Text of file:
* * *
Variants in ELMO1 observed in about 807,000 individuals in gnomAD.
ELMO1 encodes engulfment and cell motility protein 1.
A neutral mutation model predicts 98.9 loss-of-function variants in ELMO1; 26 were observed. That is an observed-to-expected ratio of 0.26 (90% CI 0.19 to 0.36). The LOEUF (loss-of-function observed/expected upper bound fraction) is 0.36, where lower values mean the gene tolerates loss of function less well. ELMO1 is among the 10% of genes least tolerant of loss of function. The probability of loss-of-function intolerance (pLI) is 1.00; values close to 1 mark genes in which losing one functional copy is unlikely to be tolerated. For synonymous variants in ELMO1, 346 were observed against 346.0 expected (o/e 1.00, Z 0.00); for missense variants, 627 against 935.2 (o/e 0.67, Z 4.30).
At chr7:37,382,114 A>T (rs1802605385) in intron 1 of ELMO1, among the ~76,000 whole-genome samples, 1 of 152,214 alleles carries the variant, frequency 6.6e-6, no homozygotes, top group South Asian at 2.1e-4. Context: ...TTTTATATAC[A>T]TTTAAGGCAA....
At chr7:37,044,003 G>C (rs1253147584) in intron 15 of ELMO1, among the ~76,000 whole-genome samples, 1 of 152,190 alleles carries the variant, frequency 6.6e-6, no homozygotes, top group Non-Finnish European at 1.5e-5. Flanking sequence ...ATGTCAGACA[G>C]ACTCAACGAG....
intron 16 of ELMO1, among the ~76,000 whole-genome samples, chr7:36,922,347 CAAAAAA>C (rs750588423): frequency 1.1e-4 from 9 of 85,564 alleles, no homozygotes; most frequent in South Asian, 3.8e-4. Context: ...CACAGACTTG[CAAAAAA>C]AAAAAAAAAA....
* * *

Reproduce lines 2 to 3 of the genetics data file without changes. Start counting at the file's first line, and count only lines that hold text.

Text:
ELMO1 encodes engulfment and cell motility protein 1.
A neutral mutation model predicts 98.9 loss-of-function variants in ELMO1; 26 were observed. That is an observed-to-expected ratio of 0.26 (90% CI 0.19 to 0.36). The LOEUF (loss-of-function observed/expected upper bound fraction) is 0.36, where lower values mean the gene tolerates loss of function less well. ELMO1 is among the 10% of genes least tolerant of loss of function. The probability of loss-of-function intolerance (pLI) is 1.00; values close to 1 mark genes in which losing one functional copy is unlikely to be tolerated. For synonymous variants in ELMO1, 346 were observed against 346.0 expected (o/e 1.00, Z 0.00); for missense variants, 627 against 935.2 (o/e 0.67, Z 4.30).